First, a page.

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  12. auxioluck

    auxioluck Metal Teddy Bear

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    I attribute a lot of his attitude to being young and not having a lot of work experience. It's not unusual for employers to have restrictions outside state laws. For example, there are a lot of employers in California who drug test for marijuana, even though it's 100% legal in the state's eyes. I also think we live in an overly sue-happy society, and there are lots of other legal ways to get firearms than Dick's or Walmart. Seems like someone trying a money grab to me.
     
  13. Randy

    Randy ROOMFORYOUROOMFORYOUROOMFORYOU Super Moderator

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    Apparently conservatives think it's okay for private company to discriminate against a couple trying to buy cake because they're gay but discriminate against a guy trying to buy a gun because he's under 21 and OH SHIT!
     
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  14. bostjan

    bostjan MicroMetal Contributor

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    Funny thing is that I find it highly unlikely for this lawsuit to be settled before this Oregon man turns 21 anyway.

    Also, if he wins, then I want to sue every rental car company ever for not renting to 16-year-old kids.
     
  15. tedtan

    tedtan SS.org Regular

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    I was elaborating on what you said, rather than addressing that comment to you. But I was posting as I was about to run off to a meeting (as I often do when I have down time between meetings), so that probably wasn't as evident as it should have been. Mea culpa. :lol:
     
    Last edited: Mar 6, 2018
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  16. tedtan

    tedtan SS.org Regular

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    Other countries don't necessarily have a complete ban, though. My main interest in shooting is side-by-side and over-under shotguns, which are perfectly legal in the UK, Canada, Europe, Australia, etc.

    Granted, they aren't high capacity (they only hold two shots - one in each barrel), but if you get hit by a 12 gauge, you're hamburger meat. (Fun fact: Germany tried, unsuccessfully, to have shotguns outlawed for use in war during World War I as they were so inhumane and destructive in trench warfare, even though Germany was using tanks, machine guns, mustard gas, flamethrowers, etc. :nuts:).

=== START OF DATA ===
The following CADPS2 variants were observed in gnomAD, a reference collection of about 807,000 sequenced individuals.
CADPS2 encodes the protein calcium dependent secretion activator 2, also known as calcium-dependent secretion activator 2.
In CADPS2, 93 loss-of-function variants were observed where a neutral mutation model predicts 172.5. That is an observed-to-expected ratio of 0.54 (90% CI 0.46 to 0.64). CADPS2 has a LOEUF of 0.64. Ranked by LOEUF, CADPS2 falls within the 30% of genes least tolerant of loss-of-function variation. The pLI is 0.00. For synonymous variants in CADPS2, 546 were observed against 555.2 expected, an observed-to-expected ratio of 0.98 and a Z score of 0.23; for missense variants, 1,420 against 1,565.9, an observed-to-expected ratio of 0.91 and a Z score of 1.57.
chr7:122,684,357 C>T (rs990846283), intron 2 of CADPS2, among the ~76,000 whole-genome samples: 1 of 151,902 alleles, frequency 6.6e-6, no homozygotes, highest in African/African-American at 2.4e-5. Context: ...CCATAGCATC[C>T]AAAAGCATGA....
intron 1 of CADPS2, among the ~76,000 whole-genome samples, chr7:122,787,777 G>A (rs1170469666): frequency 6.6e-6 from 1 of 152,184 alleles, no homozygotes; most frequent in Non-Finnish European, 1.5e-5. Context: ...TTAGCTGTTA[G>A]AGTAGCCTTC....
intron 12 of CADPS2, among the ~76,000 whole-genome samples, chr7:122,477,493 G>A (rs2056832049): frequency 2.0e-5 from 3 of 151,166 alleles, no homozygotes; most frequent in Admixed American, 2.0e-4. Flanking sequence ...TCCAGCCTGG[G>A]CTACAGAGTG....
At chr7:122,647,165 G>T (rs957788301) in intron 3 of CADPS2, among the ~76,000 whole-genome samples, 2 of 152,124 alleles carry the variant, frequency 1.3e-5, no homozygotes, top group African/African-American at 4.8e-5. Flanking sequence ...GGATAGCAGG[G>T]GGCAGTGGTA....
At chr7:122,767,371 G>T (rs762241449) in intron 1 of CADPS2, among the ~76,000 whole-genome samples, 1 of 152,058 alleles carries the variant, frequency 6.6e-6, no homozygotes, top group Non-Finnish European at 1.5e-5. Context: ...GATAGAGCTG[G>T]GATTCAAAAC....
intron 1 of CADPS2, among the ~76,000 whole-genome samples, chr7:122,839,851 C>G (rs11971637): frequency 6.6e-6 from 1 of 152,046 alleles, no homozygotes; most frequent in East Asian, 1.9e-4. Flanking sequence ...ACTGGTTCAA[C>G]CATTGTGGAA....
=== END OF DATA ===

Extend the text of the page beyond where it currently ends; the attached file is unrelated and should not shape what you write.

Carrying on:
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  17. StevenC

    StevenC SS.org Regular

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    Uhh...
     
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  18. 1b4n3z

    1b4n3z SS.org Regular

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    Yeah it looks like we could buy assault rifles and shotguns here, just not full automatic guns. Quite a large selection to choose from too. Of course you'd need a license and no criminal record. There are a lot of guns in circulation too, about 30 for every 100 people. You'd think the countryside is a shooting gallery from the amount of guns available and booze consumed but not (quite) so. Maybe the mandatory military training men undergo removes much of gun enthusiasm. I certainly lost all fascination to guns having to drag those damn things around for a year
     
  19. MaxOfMetal

    MaxOfMetal Likes trem wankery. Super Moderator

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    It's become a "lifestyle" thing in the US. There's a whole industry devoted to supporting it.

    It wasn't always like this though. I remember when I first started shooting the idea of people basing thier entire life and image on firearms was ridiculous.
     
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  20. narad

    narad SS.org Regular

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    And now we've come so far that online dating services are having to ban users because of the prevalent amount of dudes posing with their guns.